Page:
Skip to main content

"Neon Lights" EP by Annie is Out

Earlier this month, Norwegian singer-songwriter Annie released another EP, "Neon Lights." And "Neon Lights" sounds every bit like its name would indicate. It's upbeat, it's poppy, it's danceable, and it's powerful. It's a great next step following her critically acclaimed album "Dark Hearts," released in 2020, for which she won a Norwegian Grammy Award and Fans' Favorite Pop Music (a crowdsourced honor) from Billboard Magazine.

But "Neon Lights" is definitely the alter ego of "Dark Hearts," which is as evident as the contrary nature of the albums' names. If "Dark Hearts" was a season of "Twin Peaks," this feels a little like its "Baywatch" counterpart. The EP features a guest collab with Jake Shears of Scissor Sisters' fame (who has embarked on a solo career since) as well as covers a la The Jesus and Mary Chain … and Patrick Swayze ("She's Like the Wind.") 


Far and away though, the standout track for me personally is "April," produced by classic Annie collaborator Richard X. It's similar to her past work, but it's one of the strongest songs in her entire 20+ year career. The bittersweet longing, the nostalgic quality, the recognition of innocence lost, and the slick production all make this an irresistible track. It's, in short, fantastic. 

"Neon Lights" is an all-too-ephemeral EP, which demands that you give it a listen that much more. As we slip into autumn, play it and think of the summer we just lost - or maybe some better, more youthful summers from the past. 

Comments

Popular posts from this blog

3 New Lana Songs Come Out From Upcoming Album "Blue Banisters"

Not even that far off from "Chemtrails Over The Country Club" being released this past March, Lana Del Rey dropped three new singles off her upcoming project, "Blue Banisters." They include the title track, "Text Book," and "Wildflower Wildfire." All three songs seem to merge the worlds of "COCC" with "Norman Fucking Rockwell," specifically Lana's mouthful of a track "Hope is a Dangerous Thing for a Woman Like Me To Have But I Have It." They also seem uncharacteristically more confessional than most of Lana's catalog to date, specifically "Wildflower Wildfire," which alludes to a conflict with her mother. She even starts the track with "Here's the deal," readying to show more of her backstory than she ever has in her decade-plus-long career. The three songs are gorgeous - especially "Text Book," which has a haunting quality to it (she mentions "Black Lives Matter" i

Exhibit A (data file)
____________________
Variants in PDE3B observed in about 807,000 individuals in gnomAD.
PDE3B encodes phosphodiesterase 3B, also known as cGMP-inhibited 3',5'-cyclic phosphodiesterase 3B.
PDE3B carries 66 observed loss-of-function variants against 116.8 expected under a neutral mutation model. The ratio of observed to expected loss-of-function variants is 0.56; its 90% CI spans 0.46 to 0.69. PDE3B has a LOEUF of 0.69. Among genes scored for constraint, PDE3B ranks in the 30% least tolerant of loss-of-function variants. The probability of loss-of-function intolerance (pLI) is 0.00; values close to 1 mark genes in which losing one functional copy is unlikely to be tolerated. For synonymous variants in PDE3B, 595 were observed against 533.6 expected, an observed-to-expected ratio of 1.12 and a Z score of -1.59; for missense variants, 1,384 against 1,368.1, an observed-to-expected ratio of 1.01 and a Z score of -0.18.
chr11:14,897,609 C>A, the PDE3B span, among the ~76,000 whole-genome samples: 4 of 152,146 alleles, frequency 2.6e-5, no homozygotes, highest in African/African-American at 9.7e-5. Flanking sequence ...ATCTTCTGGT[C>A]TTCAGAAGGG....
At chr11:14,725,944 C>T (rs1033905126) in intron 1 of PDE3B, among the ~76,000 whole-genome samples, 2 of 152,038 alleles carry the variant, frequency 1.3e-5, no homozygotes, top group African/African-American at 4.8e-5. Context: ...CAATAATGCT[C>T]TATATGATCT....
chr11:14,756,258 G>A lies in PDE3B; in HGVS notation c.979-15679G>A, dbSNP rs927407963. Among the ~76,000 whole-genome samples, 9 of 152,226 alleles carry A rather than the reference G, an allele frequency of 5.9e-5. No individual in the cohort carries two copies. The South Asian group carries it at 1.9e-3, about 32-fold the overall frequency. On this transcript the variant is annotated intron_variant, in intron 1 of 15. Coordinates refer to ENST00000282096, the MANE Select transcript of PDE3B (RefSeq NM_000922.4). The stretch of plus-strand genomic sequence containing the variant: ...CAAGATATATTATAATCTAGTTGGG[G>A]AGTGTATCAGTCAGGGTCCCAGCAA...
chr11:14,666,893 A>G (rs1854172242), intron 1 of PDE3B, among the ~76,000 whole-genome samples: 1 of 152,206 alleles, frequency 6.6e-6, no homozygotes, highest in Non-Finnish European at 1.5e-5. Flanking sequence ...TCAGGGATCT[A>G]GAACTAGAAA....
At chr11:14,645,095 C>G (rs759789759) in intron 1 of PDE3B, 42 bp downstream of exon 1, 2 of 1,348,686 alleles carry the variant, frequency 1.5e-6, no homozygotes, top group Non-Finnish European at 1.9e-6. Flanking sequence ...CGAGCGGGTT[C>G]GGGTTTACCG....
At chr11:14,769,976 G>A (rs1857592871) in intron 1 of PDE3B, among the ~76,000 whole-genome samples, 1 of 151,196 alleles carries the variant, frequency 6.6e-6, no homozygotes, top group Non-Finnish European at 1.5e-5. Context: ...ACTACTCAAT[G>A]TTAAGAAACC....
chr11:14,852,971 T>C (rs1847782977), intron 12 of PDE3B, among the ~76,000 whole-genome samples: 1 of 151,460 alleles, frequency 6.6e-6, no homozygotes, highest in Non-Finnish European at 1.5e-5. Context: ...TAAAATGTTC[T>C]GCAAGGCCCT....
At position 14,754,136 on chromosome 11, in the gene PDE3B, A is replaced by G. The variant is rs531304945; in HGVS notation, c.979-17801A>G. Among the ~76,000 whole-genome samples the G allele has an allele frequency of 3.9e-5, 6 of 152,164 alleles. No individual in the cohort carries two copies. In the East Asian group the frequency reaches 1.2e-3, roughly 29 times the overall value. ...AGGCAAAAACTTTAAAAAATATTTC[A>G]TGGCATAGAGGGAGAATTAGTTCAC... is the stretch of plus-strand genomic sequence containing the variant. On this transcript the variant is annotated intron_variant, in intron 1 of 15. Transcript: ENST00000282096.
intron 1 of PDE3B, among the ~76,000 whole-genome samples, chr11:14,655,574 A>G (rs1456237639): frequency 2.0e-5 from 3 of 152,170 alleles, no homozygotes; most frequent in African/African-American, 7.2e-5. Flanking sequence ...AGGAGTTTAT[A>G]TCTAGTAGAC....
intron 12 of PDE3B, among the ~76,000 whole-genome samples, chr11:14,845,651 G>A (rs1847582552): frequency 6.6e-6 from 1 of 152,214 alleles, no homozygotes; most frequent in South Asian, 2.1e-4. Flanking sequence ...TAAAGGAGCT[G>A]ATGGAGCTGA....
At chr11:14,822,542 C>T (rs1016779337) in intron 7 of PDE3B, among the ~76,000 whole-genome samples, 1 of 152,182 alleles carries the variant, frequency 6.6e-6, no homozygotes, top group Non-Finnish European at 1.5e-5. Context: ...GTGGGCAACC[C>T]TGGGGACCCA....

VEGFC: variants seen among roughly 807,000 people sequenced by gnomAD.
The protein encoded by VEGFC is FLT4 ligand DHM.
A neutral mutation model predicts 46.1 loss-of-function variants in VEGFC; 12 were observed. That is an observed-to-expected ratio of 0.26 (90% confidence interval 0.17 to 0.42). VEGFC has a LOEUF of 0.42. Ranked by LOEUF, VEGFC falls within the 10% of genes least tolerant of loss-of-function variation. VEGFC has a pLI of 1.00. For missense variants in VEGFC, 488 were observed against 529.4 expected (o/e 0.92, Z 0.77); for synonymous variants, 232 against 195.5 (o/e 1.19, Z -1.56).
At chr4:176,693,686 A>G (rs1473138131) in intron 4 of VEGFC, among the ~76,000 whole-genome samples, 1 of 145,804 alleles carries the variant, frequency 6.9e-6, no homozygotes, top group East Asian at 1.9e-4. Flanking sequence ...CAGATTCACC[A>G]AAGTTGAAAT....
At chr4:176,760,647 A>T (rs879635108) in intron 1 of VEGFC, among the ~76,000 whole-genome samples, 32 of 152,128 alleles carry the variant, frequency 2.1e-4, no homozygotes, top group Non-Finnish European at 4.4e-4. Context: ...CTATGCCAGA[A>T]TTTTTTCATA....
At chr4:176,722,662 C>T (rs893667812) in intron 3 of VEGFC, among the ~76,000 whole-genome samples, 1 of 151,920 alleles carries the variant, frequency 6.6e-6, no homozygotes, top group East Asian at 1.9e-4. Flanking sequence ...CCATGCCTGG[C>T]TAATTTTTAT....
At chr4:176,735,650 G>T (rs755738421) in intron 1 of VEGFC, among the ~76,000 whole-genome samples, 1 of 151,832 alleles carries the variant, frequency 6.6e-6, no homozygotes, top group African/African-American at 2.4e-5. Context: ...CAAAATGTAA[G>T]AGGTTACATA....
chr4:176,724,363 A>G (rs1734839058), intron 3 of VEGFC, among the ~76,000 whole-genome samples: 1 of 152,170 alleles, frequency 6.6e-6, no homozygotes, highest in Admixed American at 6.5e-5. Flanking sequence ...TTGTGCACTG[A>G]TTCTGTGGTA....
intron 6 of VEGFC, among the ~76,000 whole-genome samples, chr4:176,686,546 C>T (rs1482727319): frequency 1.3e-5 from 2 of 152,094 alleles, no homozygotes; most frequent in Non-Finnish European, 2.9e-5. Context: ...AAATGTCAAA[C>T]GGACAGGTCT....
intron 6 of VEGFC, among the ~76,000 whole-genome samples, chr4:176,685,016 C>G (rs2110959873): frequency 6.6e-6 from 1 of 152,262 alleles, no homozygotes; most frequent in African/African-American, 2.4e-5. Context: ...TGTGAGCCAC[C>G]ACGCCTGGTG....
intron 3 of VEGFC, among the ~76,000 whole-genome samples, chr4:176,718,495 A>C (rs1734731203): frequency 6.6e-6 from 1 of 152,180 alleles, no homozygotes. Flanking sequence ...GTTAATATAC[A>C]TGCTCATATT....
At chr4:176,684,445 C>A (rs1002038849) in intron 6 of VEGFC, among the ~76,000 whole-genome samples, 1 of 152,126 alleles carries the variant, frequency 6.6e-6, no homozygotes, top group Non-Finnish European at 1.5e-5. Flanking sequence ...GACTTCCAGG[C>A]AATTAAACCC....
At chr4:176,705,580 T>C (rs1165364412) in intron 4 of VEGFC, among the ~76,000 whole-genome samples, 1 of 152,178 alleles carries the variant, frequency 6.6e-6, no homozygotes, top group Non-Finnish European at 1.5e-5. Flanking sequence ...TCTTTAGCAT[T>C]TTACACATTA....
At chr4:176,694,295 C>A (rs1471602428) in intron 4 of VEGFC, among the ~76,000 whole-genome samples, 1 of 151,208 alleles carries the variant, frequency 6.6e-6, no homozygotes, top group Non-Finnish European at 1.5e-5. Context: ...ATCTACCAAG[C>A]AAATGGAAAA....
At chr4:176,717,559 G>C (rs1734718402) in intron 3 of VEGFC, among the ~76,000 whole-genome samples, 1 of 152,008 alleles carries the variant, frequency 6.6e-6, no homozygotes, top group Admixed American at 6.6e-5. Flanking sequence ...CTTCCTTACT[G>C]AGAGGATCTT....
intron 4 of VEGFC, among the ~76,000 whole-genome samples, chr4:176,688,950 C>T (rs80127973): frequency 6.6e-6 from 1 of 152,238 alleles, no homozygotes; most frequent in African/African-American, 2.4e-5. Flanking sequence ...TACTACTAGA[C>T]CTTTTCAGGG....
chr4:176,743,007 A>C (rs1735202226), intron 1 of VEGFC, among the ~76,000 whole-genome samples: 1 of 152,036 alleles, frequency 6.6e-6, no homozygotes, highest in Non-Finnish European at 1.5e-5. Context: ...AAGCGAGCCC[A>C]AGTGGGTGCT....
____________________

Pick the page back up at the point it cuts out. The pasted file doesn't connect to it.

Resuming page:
"Anchors" - AM Higgins

Here's a nice breezy, almost sensual song from AM Higgins (the solo project of musician Annie Toth) to start your Tuesday off right.  Her debut album "Hymning" will be out November 5th on Victorialand Records. The album was mixed by Casey Foubert, a frequent collaborator of Sufjan Stevens. The album "captures the first years of moving from an American city to rural France." Sounds like "Hymning" will be a welcome escape from the world we live in right now, especially considering that Annie Toth counts poets Mary Oliver and Thomas Merton as influences.

You Need to Hear This: Concrete Castles

I first heard of First to Eleven a few years ago thanks to the powers of social media. They are a talented young band straight out of my hometown (Erie, PA). Since I've first heard of them, First To Eleven - which primarily were a social media-based cover band - has revealed an original music incarnation, Concrete Castles.  No matter if they're covering songs or releasing their own music, one thing is evident: Concrete Castles is MASSIVELY talented. Anchored by Audra Miller's powerhouse vocals that are vaguely reminiscent of Hayley Williams, Concrete Castles demand your attention. Although they can fall in that sort of amorphous "indie pop" umbrella, I don't think their sound would be amiss on mainstream radio - top 40 or alternative.  "Wish I Missed U" - their debut album - came out earlier this September, and it's an enjoyable, invigorating listen that would probably make those who were raised on emo or fans of CHVRCHES feel at home. Hell, Anth